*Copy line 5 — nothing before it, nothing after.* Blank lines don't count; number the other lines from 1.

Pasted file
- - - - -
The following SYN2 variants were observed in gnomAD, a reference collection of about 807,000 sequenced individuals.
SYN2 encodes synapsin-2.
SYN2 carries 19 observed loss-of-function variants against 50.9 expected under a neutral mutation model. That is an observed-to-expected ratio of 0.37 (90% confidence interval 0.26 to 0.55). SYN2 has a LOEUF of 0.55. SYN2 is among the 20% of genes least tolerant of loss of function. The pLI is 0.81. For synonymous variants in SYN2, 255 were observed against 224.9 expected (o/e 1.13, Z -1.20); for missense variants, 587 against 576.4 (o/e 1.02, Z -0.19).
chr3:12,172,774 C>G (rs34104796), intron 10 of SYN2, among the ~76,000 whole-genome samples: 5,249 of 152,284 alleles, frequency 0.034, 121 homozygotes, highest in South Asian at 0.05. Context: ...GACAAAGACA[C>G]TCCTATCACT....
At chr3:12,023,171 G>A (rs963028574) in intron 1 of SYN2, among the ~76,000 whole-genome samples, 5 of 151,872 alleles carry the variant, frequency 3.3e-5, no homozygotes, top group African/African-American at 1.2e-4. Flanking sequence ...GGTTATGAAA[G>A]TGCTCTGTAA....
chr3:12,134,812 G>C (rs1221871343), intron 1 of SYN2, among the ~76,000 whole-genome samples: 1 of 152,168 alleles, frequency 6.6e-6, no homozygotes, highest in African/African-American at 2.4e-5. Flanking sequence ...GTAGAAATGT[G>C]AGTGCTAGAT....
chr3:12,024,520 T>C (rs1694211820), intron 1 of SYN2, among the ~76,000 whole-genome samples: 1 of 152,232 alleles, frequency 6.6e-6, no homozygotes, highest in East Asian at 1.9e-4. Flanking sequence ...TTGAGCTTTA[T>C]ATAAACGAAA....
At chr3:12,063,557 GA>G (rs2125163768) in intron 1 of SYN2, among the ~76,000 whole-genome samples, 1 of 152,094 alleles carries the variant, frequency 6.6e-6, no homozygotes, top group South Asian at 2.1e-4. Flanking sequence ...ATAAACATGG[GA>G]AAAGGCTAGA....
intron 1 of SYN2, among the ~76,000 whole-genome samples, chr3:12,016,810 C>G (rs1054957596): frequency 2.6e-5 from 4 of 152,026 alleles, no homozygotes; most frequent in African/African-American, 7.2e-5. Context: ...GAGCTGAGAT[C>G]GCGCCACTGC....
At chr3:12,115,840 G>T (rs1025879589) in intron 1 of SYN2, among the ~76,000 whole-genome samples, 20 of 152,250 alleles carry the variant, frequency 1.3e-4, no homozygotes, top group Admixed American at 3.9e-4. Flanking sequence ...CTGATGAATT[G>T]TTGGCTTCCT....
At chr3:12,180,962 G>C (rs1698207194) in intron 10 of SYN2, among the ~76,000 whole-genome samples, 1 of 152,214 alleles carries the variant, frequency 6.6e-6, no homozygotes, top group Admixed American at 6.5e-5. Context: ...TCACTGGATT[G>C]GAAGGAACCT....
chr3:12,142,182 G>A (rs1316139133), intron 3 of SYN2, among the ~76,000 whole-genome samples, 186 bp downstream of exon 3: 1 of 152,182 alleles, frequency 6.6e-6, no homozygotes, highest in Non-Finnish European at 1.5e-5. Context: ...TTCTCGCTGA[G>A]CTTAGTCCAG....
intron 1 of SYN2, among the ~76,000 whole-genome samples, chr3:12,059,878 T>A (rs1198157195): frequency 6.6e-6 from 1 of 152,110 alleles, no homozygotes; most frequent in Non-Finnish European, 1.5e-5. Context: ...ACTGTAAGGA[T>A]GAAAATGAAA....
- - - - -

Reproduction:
At chr3:12,023,171 G>A (rs963028574) in intron 1 of SYN2, among the ~76,000 whole-genome samples, 5 of 151,872 alleles carry the variant, frequency 3.3e-5, no homozygotes, top group African/African-American at 1.2e-4. Flanking sequence ...GGTTATGAAA[G>A]TGCTCTGTAA....